Most people never had a 4x4 truck
Called a tow truck, like I had to when my 2WD truck and 5er got stuck in a campground. I was on grass, but it started to sink in even before I tried to move the rig. As soon as I lowered the pin on the truck, it sunk into the soggy ground about an inch. From that point, and being slightly up hill, no amount of skill would have gotten the rig out.
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Old 08-22-2014, 10:04 AM   #27
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so how did they always do it in the past?

Most people never had a 4x4 truck
Most people only camped in developed campgrounds back then & today.
I avoid the RV parks with paved roads and concrete pads where they pack you in like sardines.
We stay in some National Forest campgrounds that are developed and you most likely would have no problem with a 2wd. However, we also stay in the National Forest at areas that are not "campgrounds". We have a few places on private property along the river that we camp. 4wd is a must in those places. 4wd is almost a necessity to get up my gravel driveway without spinning the gravels out.
To say 2wd is all you will ever need is a broad statement without knowing where/how the OP prefers to camp & travel.
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Old 08-22-2014, 10:06 AM   #28
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I live in the northeast and really appreciate the 4x4 come the winter months when things are snowy and icy. Since my TV is also a daily driver, I never considered anything else. Not sure if you will be traveling/towing out west in snowy conditions, but if it's a possibility I would highly recommend going with a 4x4.
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Old 08-22-2014, 10:17 AM   #29
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I've read articles that have said a 2x4 with snow tires will actually give you better traction than a 4x4 with "all season" tires. That being said, the decision to go with 2x4 or 4x4 is (like the decision to buy a TT, 5th Wheel, or Motorhome) largely a personal matter. So much of it depends on where you live, drive, camp, and what else the vehicle is used for. I live in Michigan, where we had 141" of snow last winter (see my avatar). I pull my camper, hunt and fish in some pretty rugged terrain. I had two trucks w/ 2WD before I got my first 4x4. 2WD trucks are notorious for being light in the back, and you can spin the tires when someone spits on the pavement. I've had to be towed out of slick spots a couple of times while hunting with 2WD vehicles. The ground was frozen when I pulled in, but turned as slick as snot when it thawed in the afternoon. Never had a problem with a 4x4, and would never have a 2WD truck again!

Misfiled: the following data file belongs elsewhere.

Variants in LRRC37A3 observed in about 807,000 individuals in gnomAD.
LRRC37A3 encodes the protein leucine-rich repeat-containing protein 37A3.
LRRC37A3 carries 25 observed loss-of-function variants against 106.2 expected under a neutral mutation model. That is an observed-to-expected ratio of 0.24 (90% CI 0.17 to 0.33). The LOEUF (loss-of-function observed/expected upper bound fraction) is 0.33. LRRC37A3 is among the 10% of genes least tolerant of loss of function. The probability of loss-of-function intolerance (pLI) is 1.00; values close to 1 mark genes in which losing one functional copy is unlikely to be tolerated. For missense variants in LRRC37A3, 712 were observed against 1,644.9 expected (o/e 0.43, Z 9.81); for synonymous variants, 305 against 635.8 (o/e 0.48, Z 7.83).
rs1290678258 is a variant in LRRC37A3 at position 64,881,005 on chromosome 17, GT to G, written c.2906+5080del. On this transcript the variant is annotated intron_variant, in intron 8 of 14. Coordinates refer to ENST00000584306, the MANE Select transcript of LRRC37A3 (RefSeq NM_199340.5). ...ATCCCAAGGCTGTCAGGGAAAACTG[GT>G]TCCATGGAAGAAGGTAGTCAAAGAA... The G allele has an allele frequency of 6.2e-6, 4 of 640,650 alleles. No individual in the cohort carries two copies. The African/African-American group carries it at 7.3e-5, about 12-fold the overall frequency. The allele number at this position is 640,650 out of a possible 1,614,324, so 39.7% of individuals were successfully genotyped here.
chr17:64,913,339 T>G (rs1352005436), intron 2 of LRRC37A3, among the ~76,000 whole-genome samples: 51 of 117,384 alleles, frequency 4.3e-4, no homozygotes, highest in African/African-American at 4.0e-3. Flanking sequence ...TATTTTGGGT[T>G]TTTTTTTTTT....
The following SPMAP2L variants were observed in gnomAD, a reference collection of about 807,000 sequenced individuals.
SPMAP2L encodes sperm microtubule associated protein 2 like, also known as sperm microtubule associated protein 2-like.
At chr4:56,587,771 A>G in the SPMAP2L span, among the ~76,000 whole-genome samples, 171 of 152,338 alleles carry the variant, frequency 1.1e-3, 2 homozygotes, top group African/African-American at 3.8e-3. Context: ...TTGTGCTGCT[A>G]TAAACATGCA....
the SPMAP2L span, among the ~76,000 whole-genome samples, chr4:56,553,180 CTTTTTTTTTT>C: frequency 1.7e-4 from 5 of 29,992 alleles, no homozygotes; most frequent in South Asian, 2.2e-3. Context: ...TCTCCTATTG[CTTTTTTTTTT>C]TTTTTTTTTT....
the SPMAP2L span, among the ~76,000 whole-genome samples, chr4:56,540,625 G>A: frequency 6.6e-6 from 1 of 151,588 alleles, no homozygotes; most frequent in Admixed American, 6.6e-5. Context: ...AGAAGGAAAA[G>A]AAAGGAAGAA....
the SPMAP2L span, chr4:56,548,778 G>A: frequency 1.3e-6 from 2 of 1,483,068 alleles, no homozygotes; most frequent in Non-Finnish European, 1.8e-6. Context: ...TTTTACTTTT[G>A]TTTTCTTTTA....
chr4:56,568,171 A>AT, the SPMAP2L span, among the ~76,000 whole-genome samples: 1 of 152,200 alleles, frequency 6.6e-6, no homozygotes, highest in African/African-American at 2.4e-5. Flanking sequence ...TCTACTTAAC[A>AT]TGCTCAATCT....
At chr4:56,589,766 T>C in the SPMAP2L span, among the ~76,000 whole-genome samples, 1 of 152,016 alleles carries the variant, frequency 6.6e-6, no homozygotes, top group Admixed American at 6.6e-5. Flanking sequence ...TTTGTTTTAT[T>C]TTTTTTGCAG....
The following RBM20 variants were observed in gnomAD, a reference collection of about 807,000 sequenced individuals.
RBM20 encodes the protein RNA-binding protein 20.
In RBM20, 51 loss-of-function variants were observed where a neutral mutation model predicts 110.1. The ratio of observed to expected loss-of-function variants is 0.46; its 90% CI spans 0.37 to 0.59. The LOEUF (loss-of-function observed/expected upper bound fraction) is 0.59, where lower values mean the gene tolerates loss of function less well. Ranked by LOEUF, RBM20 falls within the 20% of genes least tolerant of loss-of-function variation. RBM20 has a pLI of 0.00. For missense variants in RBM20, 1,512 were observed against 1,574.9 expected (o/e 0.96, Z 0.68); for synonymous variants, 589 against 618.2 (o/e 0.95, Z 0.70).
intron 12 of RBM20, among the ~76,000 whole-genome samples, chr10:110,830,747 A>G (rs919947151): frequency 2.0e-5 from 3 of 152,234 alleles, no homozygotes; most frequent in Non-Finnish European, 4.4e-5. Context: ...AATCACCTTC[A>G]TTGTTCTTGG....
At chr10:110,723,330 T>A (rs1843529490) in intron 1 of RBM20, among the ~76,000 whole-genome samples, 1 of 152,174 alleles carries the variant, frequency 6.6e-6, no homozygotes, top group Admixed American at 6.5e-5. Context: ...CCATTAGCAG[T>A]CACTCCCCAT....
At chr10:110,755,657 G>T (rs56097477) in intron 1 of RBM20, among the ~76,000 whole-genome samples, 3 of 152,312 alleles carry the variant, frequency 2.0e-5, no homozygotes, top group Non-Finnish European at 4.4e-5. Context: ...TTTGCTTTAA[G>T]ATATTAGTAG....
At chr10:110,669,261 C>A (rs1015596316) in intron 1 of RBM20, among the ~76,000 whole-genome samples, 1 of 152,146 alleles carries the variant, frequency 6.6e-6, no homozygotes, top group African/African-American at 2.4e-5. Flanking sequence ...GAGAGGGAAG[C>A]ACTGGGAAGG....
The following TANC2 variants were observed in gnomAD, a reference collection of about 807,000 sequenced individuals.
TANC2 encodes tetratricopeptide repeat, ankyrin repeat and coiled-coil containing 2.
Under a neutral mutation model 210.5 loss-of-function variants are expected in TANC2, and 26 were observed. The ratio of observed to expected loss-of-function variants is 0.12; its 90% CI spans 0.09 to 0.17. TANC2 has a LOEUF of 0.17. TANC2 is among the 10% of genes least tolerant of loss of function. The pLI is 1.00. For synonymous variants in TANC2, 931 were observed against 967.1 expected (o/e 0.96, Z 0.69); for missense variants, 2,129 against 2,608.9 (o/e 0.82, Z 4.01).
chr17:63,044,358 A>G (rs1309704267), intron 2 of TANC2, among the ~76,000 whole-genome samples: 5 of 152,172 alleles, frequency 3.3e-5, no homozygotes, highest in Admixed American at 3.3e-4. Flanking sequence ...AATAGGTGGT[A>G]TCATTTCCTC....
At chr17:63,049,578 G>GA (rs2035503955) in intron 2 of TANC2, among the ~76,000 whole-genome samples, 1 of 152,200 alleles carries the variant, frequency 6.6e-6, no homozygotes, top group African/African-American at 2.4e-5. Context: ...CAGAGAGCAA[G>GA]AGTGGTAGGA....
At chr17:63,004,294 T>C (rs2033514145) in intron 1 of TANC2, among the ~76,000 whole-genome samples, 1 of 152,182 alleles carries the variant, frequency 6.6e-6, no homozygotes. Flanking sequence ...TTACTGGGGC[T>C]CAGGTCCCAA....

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Old 08-22-2014, 11:53 AM   #30
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My last two TVs were 4WD. Make sure your trailer towing capacity is enough for the weight your pulling. I've seen some greasy areas where the 4WD was a real nice thing to have. My latest TV is a 2014 GMC 2500HD, CC, 4WD, 6.0L gas, 4.10 limited slip. Tows great, rides good, you don't feel the weight. Rear camera and integrated brake controller are very handy. Pretty much a nice ride, but, towing on the interstate with the AC on at 65 it gets around 7 mpg. 2 lane no AC maybe 9.3 mpg. With camper shell on the box, about the best it'll do is 13.5 combined hwy/cty. driving. Definitely not a commuter vehicle if you're driving it 50 m/d